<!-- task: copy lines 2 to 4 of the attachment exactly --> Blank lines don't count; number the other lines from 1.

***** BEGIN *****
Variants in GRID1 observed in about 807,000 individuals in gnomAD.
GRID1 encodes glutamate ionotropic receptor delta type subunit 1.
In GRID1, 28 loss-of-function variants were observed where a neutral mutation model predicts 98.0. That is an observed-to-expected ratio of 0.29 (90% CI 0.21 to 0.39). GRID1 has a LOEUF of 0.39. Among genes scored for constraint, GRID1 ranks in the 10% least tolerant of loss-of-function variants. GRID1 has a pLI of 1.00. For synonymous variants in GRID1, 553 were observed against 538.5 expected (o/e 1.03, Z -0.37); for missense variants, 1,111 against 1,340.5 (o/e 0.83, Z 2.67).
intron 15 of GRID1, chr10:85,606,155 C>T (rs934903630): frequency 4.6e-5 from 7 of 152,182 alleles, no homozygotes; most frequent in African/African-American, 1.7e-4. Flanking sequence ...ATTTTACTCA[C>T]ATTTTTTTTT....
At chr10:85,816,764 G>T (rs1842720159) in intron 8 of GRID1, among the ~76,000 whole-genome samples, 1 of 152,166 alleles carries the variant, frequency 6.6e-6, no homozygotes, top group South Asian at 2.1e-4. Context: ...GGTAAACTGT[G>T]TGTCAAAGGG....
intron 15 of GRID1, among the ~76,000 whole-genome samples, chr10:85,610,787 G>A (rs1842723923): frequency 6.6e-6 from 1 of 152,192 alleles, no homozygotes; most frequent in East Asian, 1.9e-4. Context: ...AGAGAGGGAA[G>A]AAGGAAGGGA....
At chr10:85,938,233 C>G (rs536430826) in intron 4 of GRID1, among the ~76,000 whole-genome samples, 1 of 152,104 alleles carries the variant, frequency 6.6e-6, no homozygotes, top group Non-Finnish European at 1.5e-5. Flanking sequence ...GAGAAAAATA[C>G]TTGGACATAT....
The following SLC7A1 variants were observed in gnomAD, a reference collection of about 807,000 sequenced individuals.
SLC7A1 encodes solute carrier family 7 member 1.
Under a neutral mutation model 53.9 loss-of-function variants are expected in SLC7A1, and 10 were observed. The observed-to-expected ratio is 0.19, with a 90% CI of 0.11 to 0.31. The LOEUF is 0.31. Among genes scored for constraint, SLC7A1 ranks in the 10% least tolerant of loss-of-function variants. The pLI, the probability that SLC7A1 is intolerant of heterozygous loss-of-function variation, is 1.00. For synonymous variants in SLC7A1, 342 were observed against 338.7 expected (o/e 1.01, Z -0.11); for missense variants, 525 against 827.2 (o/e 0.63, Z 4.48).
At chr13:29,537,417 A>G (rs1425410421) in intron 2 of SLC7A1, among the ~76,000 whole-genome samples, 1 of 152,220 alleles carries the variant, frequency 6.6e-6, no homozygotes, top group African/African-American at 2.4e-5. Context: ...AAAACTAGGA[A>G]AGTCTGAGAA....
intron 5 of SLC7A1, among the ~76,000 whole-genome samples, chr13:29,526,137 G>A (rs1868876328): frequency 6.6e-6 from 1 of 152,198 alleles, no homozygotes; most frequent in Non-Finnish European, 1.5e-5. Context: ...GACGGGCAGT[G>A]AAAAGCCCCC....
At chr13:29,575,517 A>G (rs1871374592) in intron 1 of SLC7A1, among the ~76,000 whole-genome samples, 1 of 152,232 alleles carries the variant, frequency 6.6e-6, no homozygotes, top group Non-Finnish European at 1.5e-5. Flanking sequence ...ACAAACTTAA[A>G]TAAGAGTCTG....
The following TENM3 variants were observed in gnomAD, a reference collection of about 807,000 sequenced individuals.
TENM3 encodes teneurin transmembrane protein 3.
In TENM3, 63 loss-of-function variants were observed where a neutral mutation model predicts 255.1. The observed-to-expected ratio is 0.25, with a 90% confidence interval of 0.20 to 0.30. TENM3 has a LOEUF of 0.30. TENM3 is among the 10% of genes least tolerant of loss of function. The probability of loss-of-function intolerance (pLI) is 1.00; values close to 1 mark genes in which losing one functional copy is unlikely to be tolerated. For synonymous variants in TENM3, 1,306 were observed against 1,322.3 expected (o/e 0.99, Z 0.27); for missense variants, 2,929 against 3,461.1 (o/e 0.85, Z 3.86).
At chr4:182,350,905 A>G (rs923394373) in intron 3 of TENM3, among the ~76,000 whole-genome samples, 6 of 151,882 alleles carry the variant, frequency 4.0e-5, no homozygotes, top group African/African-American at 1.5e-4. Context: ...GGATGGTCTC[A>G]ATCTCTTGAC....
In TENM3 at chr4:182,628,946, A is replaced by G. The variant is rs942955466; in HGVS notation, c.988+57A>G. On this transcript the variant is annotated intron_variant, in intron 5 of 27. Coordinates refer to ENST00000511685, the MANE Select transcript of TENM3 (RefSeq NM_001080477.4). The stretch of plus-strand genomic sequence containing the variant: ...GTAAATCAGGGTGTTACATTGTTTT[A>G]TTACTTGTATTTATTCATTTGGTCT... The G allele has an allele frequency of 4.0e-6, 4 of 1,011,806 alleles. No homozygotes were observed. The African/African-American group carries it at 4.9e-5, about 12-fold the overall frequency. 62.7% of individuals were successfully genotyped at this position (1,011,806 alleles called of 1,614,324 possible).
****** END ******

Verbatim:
GRID1 encodes glutamate ionotropic receptor delta type subunit 1.
In GRID1, 28 loss-of-function variants were observed where a neutral mutation model predicts 98.0. That is an observed-to-expected ratio of 0.29 (90% CI 0.21 to 0.39). GRID1 has a LOEUF of 0.39. Among genes scored for constraint, GRID1 ranks in the 10% least tolerant of loss-of-function variants. GRID1 has a pLI of 1.00. For synonymous variants in GRID1, 553 were observed against 538.5 expected (o/e 1.03, Z -0.37); for missense variants, 1,111 against 1,340.5 (o/e 0.83, Z 2.67).
intron 15 of GRID1, chr10:85,606,155 C>T (rs934903630): frequency 4.6e-5 from 7 of 152,182 alleles, no homozygotes; most frequent in African/African-American, 1.7e-4. Flanking sequence ...ATTTTACTCA[C>T]ATTTTTTTTT....